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Monday, April 22, 2024

Australia Travel Brochure: Where to Spend Your Time

 photo by omersukrugoksu via iStock

Australia is another one of those epic locations we can find on just about anyone’s travel bucket list. Especially for those who love the endless rugged terrain and exploring the wilderness. 

Four-wheel driving has become a real folk sport in Australia over the years. The Aussies are not exactly scared and like to test their vehicles, including their off-road 4×4 campers. So it is a fantastic place for overlanding.

Australia is blessed with many gravel and unpaved roads that lead to beautiful and often deserted places. With a 4×4 vehicle, anyone can seek out adventure. Although, a 4×4 is not always necessary, Eastern Australia is easily accessible with a 2WD car or an Australia travel trailer. 

In Western Australia, Northern Territory and South Australia, a 4WD is desirable to visit all the highlights because only a 4×4 gives access to the often rugged terrain to reach those secluded locations. 

In this Australia travel brochure, we’ll take you through Australia’s most beautiful locations, let you know where to spend your time in Australia, and discuss the country’s rules on overlanding.

For This One, Take Your Time

People relaxing by a camper

 photo by visualspace via iStock

Australia is a vast country, so this Australia travel brochure can’t hit on everything you need to see. For example, plan at least 28 to 30 days for the Perth-Darwin route. Of course, you can complete the long way by 4WD camper in a shorter period, but if you want to maintain a relaxed travel pace, visit all the locations this route has to offer.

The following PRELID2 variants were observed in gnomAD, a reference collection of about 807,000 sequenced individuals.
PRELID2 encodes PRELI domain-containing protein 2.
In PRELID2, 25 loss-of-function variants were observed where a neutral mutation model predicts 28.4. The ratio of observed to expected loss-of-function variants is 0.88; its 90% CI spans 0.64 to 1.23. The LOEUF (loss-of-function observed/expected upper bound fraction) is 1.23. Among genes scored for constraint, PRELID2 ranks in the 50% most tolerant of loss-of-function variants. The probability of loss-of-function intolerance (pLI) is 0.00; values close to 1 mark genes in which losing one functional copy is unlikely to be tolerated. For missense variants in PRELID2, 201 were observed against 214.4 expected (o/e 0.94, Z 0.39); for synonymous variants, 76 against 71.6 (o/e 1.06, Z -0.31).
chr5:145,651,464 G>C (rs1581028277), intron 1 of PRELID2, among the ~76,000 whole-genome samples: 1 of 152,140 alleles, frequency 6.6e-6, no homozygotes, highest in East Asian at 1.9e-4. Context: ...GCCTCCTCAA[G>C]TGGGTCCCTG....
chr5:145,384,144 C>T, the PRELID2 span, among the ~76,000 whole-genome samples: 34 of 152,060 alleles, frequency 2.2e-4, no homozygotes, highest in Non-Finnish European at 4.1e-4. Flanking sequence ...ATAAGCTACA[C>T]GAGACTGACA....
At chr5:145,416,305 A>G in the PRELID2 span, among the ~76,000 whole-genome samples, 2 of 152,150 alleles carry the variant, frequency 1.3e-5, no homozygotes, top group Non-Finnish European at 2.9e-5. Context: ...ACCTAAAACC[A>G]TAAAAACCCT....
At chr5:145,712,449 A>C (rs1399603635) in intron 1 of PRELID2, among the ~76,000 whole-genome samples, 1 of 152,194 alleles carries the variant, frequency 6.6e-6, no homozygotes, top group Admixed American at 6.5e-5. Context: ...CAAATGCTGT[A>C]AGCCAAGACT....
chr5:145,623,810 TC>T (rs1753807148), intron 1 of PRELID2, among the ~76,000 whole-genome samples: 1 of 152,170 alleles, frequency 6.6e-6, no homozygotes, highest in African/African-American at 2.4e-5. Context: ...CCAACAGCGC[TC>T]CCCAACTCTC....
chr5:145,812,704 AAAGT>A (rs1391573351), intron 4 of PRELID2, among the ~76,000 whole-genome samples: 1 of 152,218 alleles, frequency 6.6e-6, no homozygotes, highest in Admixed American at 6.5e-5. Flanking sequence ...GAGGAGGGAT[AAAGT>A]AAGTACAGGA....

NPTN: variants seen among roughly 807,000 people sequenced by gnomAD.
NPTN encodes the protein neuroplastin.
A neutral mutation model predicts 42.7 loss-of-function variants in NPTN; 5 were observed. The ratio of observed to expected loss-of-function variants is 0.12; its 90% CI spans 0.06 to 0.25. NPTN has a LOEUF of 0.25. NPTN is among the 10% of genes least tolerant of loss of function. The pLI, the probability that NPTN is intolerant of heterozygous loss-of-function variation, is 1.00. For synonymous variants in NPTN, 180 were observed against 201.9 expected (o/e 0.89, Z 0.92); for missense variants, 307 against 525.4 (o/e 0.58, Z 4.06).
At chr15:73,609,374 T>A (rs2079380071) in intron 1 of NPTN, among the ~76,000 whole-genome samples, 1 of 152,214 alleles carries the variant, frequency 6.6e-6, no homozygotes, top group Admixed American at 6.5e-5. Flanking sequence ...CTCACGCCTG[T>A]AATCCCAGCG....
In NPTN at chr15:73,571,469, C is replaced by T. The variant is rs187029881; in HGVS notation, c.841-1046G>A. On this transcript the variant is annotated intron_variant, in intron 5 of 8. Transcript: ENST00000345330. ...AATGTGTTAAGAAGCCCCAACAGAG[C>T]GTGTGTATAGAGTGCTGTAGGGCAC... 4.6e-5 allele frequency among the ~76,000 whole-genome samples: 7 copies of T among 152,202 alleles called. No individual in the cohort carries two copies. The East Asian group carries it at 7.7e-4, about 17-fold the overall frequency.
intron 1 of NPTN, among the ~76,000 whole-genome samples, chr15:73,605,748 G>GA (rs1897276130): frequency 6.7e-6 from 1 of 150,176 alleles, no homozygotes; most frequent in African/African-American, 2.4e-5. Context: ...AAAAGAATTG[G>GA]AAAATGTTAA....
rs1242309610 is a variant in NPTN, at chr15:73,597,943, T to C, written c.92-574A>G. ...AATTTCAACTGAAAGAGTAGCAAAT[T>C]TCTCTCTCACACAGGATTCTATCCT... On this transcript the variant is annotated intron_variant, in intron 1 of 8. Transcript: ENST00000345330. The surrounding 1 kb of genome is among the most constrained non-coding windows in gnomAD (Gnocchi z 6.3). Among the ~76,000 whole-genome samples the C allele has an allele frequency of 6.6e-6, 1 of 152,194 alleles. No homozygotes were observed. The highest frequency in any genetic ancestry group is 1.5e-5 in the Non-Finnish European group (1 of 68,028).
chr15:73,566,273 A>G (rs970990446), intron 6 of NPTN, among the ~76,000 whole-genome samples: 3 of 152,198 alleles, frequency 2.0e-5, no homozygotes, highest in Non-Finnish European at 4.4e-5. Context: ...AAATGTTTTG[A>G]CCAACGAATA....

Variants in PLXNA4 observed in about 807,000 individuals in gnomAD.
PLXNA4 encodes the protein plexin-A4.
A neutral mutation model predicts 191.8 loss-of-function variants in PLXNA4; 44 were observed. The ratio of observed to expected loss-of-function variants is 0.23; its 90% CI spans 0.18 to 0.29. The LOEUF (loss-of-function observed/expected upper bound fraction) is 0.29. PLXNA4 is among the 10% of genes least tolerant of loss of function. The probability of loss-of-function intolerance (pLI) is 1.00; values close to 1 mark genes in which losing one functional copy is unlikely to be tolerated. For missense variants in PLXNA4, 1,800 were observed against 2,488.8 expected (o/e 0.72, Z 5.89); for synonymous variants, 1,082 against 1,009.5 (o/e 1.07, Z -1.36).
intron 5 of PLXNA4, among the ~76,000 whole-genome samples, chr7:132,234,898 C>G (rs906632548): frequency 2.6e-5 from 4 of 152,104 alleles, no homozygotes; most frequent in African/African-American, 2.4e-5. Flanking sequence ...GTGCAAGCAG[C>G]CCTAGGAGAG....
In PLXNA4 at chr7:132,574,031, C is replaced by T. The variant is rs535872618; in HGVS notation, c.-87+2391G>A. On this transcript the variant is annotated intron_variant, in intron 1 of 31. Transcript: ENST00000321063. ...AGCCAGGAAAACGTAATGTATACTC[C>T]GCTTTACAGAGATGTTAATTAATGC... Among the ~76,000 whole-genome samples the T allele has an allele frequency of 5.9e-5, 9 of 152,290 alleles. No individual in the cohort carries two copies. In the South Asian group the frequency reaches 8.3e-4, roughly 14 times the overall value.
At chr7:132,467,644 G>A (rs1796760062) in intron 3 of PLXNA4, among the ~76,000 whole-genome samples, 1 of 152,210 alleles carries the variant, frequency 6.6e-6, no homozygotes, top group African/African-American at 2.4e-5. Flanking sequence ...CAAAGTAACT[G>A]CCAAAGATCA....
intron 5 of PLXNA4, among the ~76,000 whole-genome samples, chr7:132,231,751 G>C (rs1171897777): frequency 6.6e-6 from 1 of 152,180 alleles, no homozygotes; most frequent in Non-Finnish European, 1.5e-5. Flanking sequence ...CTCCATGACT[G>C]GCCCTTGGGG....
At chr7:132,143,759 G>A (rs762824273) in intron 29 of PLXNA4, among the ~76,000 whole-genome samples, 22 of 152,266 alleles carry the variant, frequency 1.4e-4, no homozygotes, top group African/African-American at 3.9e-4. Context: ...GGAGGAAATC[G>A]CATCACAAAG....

Keep in mind that you will move slowly along these dirt roads as you would on asphalt. If a trip is planned for around 20 days, due to lack of time, places such as Kooljaman, the Mitchell Falls, the Mornington Wilderness Camp and parts of Kakadu NP have to be passed over. 

It would be a shame if you had to skip these parts, so if you plan an overlanding trip to Australia, make sure to clear your schedule and give the country the time it deserves.

Australia Travel Brochure: Kooljaman, Cape Leveque

Kooljaman, Cape Leveque

 photo by Greg Sullavan via iStock

Sidenote: This campsite unexpectedly closed because of Covid on November first 2021, and it is unclear when the site will reopen. But the site should be open for visitors in 2022. 

Kooljaman is a luxury resort as a wilderness camp and one of the most secluded and beautiful resorts found in “down under”. Kooljaman resort harnesses the charm of nature and the beautiful beaches and blends in with the scenery without spoiling it. 

The beaches around Kooljaman, Cape Leveque, are safe to swim in all year round as they are free of jellyfish and crocodiles. That may sound like a given, but these animals are often a problem at Australian beaches. 

There are occasional crocodile sightings at the beaches, and while they do not pose a threat, travelers often panic because of this. For this reason, if a crocodile is sighted, the staff usually closes down the beach temporarily. You can even see migrating humpback whales that pass these beaches at viewing distances between July and October. 

Kakadu National Park 

Kakadu National Park 

 photo by julianpetersphotography via iStock

Australia’s largest national park is located in the country’s rugged north. Kakadu National Park is a World Heritage Site because of its diverse landscapes and Aboriginal cultural heritage. The Bininj and Mungguy tribes have lived here in the shadow of the great Alligator River for 65,000 years, making it one of the oldest cultures in the world.

The next stop in our Australia travel brochure is Ubirr for the thousands of years old rock art. You can also learn about the arrival of the Europeans through the eyes of the locals. The first thing to know is that ‘goodbye’ in the local language is ‘bobo’, pronounced ‘bor bor’. Be sure to say this when you leave and say goodbye to the Ubirr. This gesture is much appreciated and shows respect for their culture. 

Australia Travel Brochure: Cape Tribulation

Cape Tribulation